FLOWERY BRANCH – The Falcons, with an eye toward adding an enforcer to their defense, selected Florida safety Kenau Neal with the 17th pick in the NFL draft Thursday.
Neal was one of the fast climbers during the pre-draft process. The buzz around Neal and the Falcons grew loudest in the final days preceding the draft.
“We had a game plan coming into this draft like we always do,” Falcons general manager Thomas Dimitroff said. “It was very well though out. We had targeted our first-round pick Keanu Neal from the beginning. He was guy that we really believe was the top safety for our system.”
The Falcons picked Neal over Clemson defensive end Shaq Lawson, Alabama linebacker Reggie Ragland, Ohio State linebacker Darron Lee and UCLA linebacker Myles Jack. The Falcons stayed true to their “needs-based” and “system-specific” drafting system.
“The strong safety position is a critical one for us and one that’s really valuable,” Falcons coach Dan Quinn said. “You have to have the run-and-hit factor of playing a linebacker because we play our safeties so close to the line of scrimmage. He’s either in the box or close to the line. He also has to have the coverage skills to play safety, play on the tight ends and be a real factor on third downs.”
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Neal beleives he can fit into the Falcons’ defense quickly.
“I think I fit perfectly,” Neal said. “They want guys who are interchangeable, who can do more than just one thing, and I fit that.”
Neal was partially recruited by Quinn before he left Florida to return to Seattle. Neal played special teams for the Gators as a freshmen in 2013.
Neal said that teams had told him he was a late first-round or a second-round pick. The Falcons are in need of a strong safety after releasing William Moore.
“He is a guy that embodies what we were looking for as far as his passion and his toughness on and off the field,” Dimitroff said. “It’s something that’s very important for this organization to have someone who has a presence on the field and makes a big impact defensively both in the run and the pass game.”
Quinn was pleased with the pick.
“For our team we added a terrific competitor and a great hitter,” Quinn said.
With the selection of Neal, the Falcons likely will pick a linebacker in the second round Saturday.
The draft world had Neal, a 6-foot, 211-pound strong safety, who was the Gators’ third-leading tackler with 96 tackles and he had an interception, rated differently.
Neal’s decision to pass on his senior season and enter the draft paid off.
NFL Network analyst Mike Mayock rated Neal as the third best safety in the draft behind Ohio State’s Vonn Bell and West Virginia’s Karl Joseph.
Nolan Nawrocki, a former scout, had Neal with a “second-to-third round” grade. “His cover skills are average,” Nawrocki wrote in the highly respected NFL Draft 2016 preview. “He is a big hitter, and that is what’s going to excite (scouts), but I don’t think he is a great tackler. He has size, but I don’t see him matching athletic ability. I’m not sure he can run.”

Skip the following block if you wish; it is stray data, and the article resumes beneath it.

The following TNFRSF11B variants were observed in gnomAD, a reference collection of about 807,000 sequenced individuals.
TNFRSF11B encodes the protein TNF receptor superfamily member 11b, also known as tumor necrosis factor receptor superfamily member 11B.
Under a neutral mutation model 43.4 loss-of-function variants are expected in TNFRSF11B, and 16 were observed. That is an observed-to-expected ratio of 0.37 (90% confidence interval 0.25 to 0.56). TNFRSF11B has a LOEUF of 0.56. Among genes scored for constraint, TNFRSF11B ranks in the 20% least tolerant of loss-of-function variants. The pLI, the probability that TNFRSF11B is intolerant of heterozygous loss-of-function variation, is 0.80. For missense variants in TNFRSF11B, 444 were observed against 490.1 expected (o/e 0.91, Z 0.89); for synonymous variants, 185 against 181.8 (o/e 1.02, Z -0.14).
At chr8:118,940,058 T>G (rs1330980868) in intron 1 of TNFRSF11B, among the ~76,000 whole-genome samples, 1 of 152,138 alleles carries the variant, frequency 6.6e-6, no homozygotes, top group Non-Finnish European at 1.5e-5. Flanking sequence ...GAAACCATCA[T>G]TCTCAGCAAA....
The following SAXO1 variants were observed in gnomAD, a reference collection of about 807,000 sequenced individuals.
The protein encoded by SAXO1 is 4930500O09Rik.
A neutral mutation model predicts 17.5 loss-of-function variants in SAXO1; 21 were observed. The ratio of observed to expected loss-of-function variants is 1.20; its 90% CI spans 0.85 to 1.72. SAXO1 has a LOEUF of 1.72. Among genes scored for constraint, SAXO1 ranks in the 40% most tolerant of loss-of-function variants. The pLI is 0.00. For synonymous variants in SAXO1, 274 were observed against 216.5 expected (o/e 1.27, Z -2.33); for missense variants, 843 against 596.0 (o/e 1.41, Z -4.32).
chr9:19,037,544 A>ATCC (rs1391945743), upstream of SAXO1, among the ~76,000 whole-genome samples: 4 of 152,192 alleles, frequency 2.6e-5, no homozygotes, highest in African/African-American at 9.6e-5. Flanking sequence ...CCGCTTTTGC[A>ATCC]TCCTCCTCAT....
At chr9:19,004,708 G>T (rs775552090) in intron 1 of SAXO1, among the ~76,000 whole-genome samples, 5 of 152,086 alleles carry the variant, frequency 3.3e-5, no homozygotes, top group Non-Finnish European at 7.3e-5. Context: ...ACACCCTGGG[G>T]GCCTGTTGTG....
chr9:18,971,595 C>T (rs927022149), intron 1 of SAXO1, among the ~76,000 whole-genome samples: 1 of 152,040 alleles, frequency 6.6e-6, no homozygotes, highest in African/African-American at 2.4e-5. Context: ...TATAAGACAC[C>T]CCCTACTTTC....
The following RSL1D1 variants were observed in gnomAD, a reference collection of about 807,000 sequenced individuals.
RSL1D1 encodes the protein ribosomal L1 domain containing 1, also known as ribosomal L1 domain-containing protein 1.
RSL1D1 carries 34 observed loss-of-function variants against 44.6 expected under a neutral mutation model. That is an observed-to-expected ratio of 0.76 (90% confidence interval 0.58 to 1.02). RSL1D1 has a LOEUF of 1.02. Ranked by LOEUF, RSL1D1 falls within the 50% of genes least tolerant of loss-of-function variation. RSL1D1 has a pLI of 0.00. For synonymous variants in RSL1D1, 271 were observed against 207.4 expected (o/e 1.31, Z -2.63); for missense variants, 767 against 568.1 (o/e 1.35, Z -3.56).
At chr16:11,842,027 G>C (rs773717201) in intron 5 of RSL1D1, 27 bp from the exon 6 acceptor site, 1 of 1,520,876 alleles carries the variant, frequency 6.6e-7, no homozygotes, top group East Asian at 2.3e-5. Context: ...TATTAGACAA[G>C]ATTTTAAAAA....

The Falcons had a campus visit and a private workout with Neal, who tested well in the scouting combine.
Neal sat out the first two games of the 2015 season with a hamstring injury.
Joseph was the first safety taken when the Oakland Raiders selected him with the 14th pick.
The Falcons also heavily scouted Georgia outside linebacker Leonard Floyd, who went to the Chicago Bears with the ninth pick. Floyd, who worked out for the Falcons on Saturday in Athens, was the first player taken from the SEC.
Ragland was flagged by some teams because of a medical issue, according to NFL Media. He reportedly has an enlarged aorta.
The condition requires monitoring and could lead to aneurysms. Surgery could be required.
Falcons linebackers coach Jeff Ulbrich and area scout Anthony Robinson scouted Ragland at Alabama’s Pro Day in March.
Lawson, a former Clemson standout, had been in regular contact with Falcons defensive line coach Bryan Cox.
But some thought Lawson was “just a guy.” In NFL scouting terms, being called “just a guy” is a derogatory term.
Former Falcons defensive back Louis Riddick, who works for ESPN, was concerned that Lawson is a major slacker. Riddick played six seasons in the NFL, including 1992 with the Falcons.
He went on to become a scout for Washington and was their director of personnel (2005-07). He’s also worked in Philadelphia’s front office.
“As many good splash plays as he has had, he has had too many, for me, plays where Shaq looks slow, sluggish and not very competitive,” Riddick said. “Quite honestly, in scouting terms, he looks like just a guy. That concerns me.”
The Falcons have the 50th pick in the second round, the 81st pick in the third, the 115th pick in the fourth and the 238th pick in the seventh.